'Alcarràs,' the resistance of the countryside
The Spanish film by Carla Simón tells the story of the life of a family dedicated to agriculture. It was recently released in theaters in the U.S.
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No outsider would have heard of Alcarràs if it weren't for Alcarràs. The feature film directed by Spanish filmmaker Carla Simón strips this Catalan town of around 10,000 inhabitants bare for the cameras to tell an immersive, true-to-life story that unites tenderness, cruelty, honor, betrayal, progress, and greed.
The film, narrated in Catalan, introduces the Solé family, who work the land from sunrise to sunset, overcoming climatic and economic adversity to harvest peaches. The countryside is their home and farming is part of a legacy passed down from generation to generation for 80 years.
However, this season could be the last for the Solé family to pick fruit, as the shadow of eviction is choking them. New plans by the owners of the land the family farms include cutting down trees to install solar panels. The situation cracks the brotherhood and brings uncertainty to the green horizon.
A real-life inspiration
To write and direct her second feature film, Simón drew on the life of a family she knows very well: her own.
“For me, Alcarràs is my mother’s village and that of her family. It’s where my uncles and aunts grow peaches. Yesterday I had to give the opening speech at the winter festivities in Alcarràs and reflected on what Alcarràs is for me... which was initially that, my mother’s village, but now, after making the film, it’s many other things. By making the film, talking to my uncles and aunts and to the people, I have been able to get to know the territory in a deeper way. For me, Alcarràs is, above all, resistance and resilience of the farmers who cultivate the land, because right now it is very hard. It’s hard enough to farm, because there are many things you can’t control, but these people are there and they have so much love for the land that for me it’s admirable,” the director told AL DÍA.
The drama stars non-professional actors, among them children, in whom Simón found a key element: “Working with children is difficult, but there is one thing that is easier to achieve with them: the tone, that feeling of naturalness, of things flowing almost by chance. That’s something they help to achieve. On one hand, it’s a game for them, they are spontaneous, but they also help adults not to think so much about themselves. There is something interesting in children’s gaze, I feel it is very cinematographic because they don’t understand everything. And in the end, as a spectator, when we see a film, that’s what it’s about, what you understand, what you don’t understand and what you discover.”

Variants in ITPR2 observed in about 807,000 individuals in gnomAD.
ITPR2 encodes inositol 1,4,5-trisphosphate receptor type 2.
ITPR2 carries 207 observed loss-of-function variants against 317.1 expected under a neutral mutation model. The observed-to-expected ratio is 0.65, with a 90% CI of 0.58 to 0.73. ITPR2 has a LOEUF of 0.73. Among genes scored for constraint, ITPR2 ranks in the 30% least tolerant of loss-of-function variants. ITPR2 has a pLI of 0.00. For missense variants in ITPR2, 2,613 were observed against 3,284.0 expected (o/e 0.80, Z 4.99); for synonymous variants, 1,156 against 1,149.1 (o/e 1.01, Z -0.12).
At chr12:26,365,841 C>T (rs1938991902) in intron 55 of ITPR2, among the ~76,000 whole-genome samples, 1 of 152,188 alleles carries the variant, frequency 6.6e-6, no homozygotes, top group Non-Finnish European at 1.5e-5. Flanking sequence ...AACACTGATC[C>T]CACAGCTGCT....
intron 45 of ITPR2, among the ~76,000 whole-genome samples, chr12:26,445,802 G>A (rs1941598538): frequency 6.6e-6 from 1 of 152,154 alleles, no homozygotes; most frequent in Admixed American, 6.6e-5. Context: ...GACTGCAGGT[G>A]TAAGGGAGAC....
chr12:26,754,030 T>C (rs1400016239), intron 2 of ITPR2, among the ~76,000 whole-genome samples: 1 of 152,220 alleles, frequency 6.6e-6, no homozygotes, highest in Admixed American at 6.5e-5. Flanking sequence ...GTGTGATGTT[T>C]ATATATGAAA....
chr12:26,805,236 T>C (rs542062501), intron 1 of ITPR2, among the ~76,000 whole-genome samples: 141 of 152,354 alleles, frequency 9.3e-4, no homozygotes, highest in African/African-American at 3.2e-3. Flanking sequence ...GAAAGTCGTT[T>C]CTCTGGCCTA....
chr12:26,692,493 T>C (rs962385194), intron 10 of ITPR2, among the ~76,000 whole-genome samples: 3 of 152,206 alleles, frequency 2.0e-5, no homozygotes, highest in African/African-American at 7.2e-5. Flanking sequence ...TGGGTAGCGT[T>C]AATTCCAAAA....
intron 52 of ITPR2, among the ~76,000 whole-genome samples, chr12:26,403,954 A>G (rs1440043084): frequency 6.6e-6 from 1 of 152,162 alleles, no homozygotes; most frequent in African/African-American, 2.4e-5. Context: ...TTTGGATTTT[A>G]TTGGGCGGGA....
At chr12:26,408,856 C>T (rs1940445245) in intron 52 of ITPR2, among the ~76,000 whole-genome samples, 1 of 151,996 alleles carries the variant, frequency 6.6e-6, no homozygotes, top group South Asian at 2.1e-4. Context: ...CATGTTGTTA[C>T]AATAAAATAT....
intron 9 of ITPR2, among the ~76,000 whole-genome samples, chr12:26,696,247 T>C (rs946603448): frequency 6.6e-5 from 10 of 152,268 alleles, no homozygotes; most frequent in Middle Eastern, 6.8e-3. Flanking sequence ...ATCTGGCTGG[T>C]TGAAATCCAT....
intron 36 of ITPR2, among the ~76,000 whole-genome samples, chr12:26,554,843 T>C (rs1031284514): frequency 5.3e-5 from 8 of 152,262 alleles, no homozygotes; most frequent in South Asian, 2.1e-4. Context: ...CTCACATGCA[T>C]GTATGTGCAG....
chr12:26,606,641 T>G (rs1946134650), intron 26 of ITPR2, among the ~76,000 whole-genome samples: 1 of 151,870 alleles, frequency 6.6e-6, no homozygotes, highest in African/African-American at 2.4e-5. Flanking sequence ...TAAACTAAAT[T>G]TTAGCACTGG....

In Simón's films, childhood reveals her own memories.
“Children have a way of playing that I had: zero screens, lots of nature, an inner world and playing with my brothers. This has a lot to do with me and I think about why I am so interested in children and I always end up relating it to the fact that I lost my parents when I was little, which, I think, gives me a sensitivity towards them, because I want to portray their worlds, their looks and think about their psychology,” she said.
A U.S. premiere
Alcarràs was screened for the first time at the Berlinale in 2022, where it won the Golden Bear. It was also Spain’s candidate for Best Foreign Film at the Oscars, although it was shortlisted. It continues to reap success to this day: it won the Gaudí Award for Best Catalan-language Film, Best Director, Best Original Screenplay, Best Production Management and the Audience Award.
The film was also nominated in 11 categories for the Goya Awards, the most prestigious Spanish film awards, with a gala to be held on Feb. 11.
The feature film, which was released in U.S. theaters in January, and will continue to be screened in February, will be available on MUBI on Feb. 24.
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